I think I can go a bit faster but need to drive more the car because the driving of this car is different the other cars I had.

Congratulations for your design!!!"
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Old 07-07-2010, 11:27 AM
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Good to know the car will not behave strange after I'm done Frankenstein it.

With the heavy duty top plate my motor will hopefully not be able to pop forward. I have broke the rear X-brace by backing the car into the outside boards at the end of the straight usually it also takes the left small bulkhead with it as well.

Beefed up rear Pod

John - Have you played around with the rear roll center of your cars at all. Typically I do not raise the outside connection point for the damper tubes as I like the rear more planted.

Last edited by Capt'N_Slow; 07-07-2010 at 11:48 AM.
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Old 07-07-2010, 12:23 PM
  #1565  
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Nice-now all you need are the steel screws.

Note the newer 2011 models of my JS Pro cars will come with a top plate that bridges the two side plates and by that fact alone will be much sturdier. They will have one generation older side metal plates with a long left side pod plate. The motor will be more secure with all aluminum slots for the motor screws. Machined prototype parts are on the way to me today.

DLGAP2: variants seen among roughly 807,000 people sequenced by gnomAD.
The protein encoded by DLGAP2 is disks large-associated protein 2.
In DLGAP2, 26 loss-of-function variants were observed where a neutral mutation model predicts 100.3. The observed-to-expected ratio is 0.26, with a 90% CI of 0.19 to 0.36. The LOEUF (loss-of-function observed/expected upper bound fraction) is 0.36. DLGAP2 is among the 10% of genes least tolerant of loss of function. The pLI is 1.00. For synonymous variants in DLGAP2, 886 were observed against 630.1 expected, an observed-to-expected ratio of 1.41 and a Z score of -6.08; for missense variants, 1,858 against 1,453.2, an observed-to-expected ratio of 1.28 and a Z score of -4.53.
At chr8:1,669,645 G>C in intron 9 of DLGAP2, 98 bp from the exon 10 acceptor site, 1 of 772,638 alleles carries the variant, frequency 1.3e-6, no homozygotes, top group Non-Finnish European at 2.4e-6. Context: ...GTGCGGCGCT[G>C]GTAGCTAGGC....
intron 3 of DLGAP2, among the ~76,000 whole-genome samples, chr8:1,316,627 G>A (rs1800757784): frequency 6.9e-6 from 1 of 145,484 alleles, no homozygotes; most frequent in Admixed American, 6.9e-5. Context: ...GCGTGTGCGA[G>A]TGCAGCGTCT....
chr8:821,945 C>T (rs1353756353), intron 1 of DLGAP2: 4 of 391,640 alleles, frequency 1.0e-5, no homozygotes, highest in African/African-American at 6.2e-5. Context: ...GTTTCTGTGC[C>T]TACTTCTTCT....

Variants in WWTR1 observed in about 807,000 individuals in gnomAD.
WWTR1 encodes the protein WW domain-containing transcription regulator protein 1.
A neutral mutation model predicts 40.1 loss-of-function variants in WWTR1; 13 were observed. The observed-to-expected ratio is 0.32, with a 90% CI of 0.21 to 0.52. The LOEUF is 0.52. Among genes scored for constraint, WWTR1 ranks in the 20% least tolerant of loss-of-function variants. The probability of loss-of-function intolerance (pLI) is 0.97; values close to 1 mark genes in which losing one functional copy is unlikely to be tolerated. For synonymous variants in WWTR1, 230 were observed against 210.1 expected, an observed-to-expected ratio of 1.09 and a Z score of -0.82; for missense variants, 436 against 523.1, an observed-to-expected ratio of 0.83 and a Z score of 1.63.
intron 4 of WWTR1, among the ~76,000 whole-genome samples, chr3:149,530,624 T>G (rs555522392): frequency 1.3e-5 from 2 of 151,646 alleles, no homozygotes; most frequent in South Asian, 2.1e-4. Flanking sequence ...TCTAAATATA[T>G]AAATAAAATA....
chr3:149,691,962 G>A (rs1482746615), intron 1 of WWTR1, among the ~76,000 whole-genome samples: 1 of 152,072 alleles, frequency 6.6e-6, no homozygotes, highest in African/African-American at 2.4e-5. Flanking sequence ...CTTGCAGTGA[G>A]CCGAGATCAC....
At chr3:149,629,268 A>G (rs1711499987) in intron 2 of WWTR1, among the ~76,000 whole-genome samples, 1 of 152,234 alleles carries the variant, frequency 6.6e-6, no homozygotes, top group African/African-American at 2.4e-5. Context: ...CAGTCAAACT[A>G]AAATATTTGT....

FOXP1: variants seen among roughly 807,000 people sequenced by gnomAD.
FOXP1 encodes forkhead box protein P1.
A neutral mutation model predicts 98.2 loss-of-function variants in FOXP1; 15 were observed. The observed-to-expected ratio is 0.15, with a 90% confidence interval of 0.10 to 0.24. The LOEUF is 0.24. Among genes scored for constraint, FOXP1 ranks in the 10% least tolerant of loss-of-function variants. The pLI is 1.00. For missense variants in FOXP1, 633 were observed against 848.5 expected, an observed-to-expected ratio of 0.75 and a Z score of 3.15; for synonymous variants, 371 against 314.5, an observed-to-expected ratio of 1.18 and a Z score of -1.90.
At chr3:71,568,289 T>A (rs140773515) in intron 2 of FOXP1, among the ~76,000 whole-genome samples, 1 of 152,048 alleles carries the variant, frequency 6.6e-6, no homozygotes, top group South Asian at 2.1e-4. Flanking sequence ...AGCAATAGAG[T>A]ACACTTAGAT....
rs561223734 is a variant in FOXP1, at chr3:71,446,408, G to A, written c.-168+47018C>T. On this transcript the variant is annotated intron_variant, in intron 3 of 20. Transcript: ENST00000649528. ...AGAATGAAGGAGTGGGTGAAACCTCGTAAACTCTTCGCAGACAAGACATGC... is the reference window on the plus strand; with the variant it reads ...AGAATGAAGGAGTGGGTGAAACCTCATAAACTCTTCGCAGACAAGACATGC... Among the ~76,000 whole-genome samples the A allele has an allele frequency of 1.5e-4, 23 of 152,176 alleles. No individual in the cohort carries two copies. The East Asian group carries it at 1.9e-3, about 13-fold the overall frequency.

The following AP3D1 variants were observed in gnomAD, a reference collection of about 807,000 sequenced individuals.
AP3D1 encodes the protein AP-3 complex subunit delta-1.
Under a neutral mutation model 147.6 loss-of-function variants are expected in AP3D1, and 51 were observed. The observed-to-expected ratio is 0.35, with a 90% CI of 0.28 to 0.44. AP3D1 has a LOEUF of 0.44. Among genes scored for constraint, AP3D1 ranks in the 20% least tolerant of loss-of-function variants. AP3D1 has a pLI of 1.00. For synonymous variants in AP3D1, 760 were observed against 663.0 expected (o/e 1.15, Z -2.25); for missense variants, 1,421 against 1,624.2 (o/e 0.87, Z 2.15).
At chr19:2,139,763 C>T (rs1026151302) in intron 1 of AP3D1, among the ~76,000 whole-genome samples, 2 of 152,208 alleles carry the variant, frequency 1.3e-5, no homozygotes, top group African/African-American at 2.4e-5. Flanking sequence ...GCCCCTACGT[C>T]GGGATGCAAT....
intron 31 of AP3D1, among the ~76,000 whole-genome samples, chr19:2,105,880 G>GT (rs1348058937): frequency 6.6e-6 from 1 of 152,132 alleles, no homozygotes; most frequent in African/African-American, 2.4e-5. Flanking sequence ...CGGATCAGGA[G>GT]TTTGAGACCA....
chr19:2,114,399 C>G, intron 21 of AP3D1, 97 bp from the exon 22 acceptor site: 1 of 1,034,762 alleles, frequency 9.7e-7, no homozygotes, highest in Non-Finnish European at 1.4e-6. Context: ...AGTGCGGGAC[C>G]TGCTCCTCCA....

Roll centers- I have played extensively with the roll center of the rear of the car and this is what I have found. You have absolutely no control of it; it is fixed at the center of the rear axle. I have moved Panhard bars up and down 1/2 inch with no change to the handling whereas a .030" change to my front dual A-arm suspension pivots makes a noticeable change to roll center and handling.

There are some modern Pan car design that strive to get a low roll center by moving the T-plate down or in case of the Hatzenbach by using an elaborate multilink to make a virtual pivot below the chassis. If there is any change in handling, I believe it is from other factors like small changes in antisquat or in case of the lowered t-plates from milling giving a decrease in chassis stiffness.

So play with the pivot heights of the dampers to fine tune roll stiffness, but don't expect some big changes like when you have a handle on roll center. Equally useful will be to just change the viscosity and keep them low.